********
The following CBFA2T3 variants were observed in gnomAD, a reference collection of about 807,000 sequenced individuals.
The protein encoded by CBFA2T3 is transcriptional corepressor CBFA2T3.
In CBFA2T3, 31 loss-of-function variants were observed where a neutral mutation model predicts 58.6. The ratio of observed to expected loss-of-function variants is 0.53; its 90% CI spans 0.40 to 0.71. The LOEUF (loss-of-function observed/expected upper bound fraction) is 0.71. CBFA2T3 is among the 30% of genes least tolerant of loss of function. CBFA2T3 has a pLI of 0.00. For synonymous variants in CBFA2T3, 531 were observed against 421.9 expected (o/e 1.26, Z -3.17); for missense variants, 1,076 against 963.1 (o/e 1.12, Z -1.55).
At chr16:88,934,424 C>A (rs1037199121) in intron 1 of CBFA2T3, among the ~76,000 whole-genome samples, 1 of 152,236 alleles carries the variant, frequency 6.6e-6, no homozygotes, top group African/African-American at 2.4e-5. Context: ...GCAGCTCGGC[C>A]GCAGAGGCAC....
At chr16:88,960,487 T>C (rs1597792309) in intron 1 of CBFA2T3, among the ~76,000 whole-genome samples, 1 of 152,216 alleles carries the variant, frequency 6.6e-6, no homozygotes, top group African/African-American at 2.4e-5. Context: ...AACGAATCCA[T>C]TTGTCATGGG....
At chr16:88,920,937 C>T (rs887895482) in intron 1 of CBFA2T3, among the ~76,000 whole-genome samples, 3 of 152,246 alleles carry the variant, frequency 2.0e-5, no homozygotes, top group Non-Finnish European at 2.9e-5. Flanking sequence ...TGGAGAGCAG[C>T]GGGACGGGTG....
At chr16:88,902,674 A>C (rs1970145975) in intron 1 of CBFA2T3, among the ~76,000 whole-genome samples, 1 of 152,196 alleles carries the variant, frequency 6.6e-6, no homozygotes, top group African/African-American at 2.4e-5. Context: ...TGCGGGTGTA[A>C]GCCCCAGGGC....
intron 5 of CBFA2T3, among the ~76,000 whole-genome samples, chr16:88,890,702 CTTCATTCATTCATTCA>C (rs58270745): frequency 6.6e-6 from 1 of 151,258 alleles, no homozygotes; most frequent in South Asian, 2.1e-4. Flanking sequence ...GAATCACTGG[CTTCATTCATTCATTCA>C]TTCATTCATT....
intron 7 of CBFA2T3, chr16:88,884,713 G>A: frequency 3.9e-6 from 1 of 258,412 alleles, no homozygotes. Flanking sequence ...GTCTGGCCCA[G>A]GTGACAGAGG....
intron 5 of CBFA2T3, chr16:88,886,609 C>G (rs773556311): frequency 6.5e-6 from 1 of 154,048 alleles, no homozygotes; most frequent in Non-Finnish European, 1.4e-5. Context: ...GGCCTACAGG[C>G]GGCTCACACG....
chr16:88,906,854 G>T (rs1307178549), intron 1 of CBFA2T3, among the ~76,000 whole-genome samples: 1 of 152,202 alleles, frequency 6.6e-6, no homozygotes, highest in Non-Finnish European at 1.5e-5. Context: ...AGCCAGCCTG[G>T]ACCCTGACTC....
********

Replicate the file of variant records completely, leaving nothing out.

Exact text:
The following CBFA2T3 variants were observed in gnomAD, a reference collection of about 807,000 sequenced individuals.
The protein encoded by CBFA2T3 is transcriptional corepressor CBFA2T3.
In CBFA2T3, 31 loss-of-function variants were observed where a neutral mutation model predicts 58.6. The ratio of observed to expected loss-of-function variants is 0.53; its 90% CI spans 0.40 to 0.71. The LOEUF (loss-of-function observed/expected upper bound fraction) is 0.71. CBFA2T3 is among the 30% of genes least tolerant of loss of function. CBFA2T3 has a pLI of 0.00. For synonymous variants in CBFA2T3, 531 were observed against 421.9 expected (o/e 1.26, Z -3.17); for missense variants, 1,076 against 963.1 (o/e 1.12, Z -1.55).
At chr16:88,934,424 C>A (rs1037199121) in intron 1 of CBFA2T3, among the ~76,000 whole-genome samples, 1 of 152,236 alleles carries the variant, frequency 6.6e-6, no homozygotes, top group African/African-American at 2.4e-5. Context: ...GCAGCTCGGC[C>A]GCAGAGGCAC....
At chr16:88,960,487 T>C (rs1597792309) in intron 1 of CBFA2T3, among the ~76,000 whole-genome samples, 1 of 152,216 alleles carries the variant, frequency 6.6e-6, no homozygotes, top group African/African-American at 2.4e-5. Context: ...AACGAATCCA[T>C]TTGTCATGGG....
At chr16:88,920,937 C>T (rs887895482) in intron 1 of CBFA2T3, among the ~76,000 whole-genome samples, 3 of 152,246 alleles carry the variant, frequency 2.0e-5, no homozygotes, top group Non-Finnish European at 2.9e-5. Flanking sequence ...TGGAGAGCAG[C>T]GGGACGGGTG....
At chr16:88,902,674 A>C (rs1970145975) in intron 1 of CBFA2T3, among the ~76,000 whole-genome samples, 1 of 152,196 alleles carries the variant, frequency 6.6e-6, no homozygotes, top group African/African-American at 2.4e-5. Context: ...TGCGGGTGTA[A>C]GCCCCAGGGC....
intron 5 of CBFA2T3, among the ~76,000 whole-genome samples, chr16:88,890,702 CTTCATTCATTCATTCA>C (rs58270745): frequency 6.6e-6 from 1 of 151,258 alleles, no homozygotes; most frequent in South Asian, 2.1e-4. Flanking sequence ...GAATCACTGG[CTTCATTCATTCATTCA>C]TTCATTCATT....
intron 7 of CBFA2T3, chr16:88,884,713 G>A: frequency 3.9e-6 from 1 of 258,412 alleles, no homozygotes. Flanking sequence ...GTCTGGCCCA[G>A]GTGACAGAGG....
intron 5 of CBFA2T3, chr16:88,886,609 C>G (rs773556311): frequency 6.5e-6 from 1 of 154,048 alleles, no homozygotes; most frequent in Non-Finnish European, 1.4e-5. Context: ...GGCCTACAGG[C>G]GGCTCACACG....
chr16:88,906,854 G>T (rs1307178549), intron 1 of CBFA2T3, among the ~76,000 whole-genome samples: 1 of 152,202 alleles, frequency 6.6e-6, no homozygotes, highest in Non-Finnish European at 1.5e-5. Context: ...AGCCAGCCTG[G>T]ACCCTGACTC....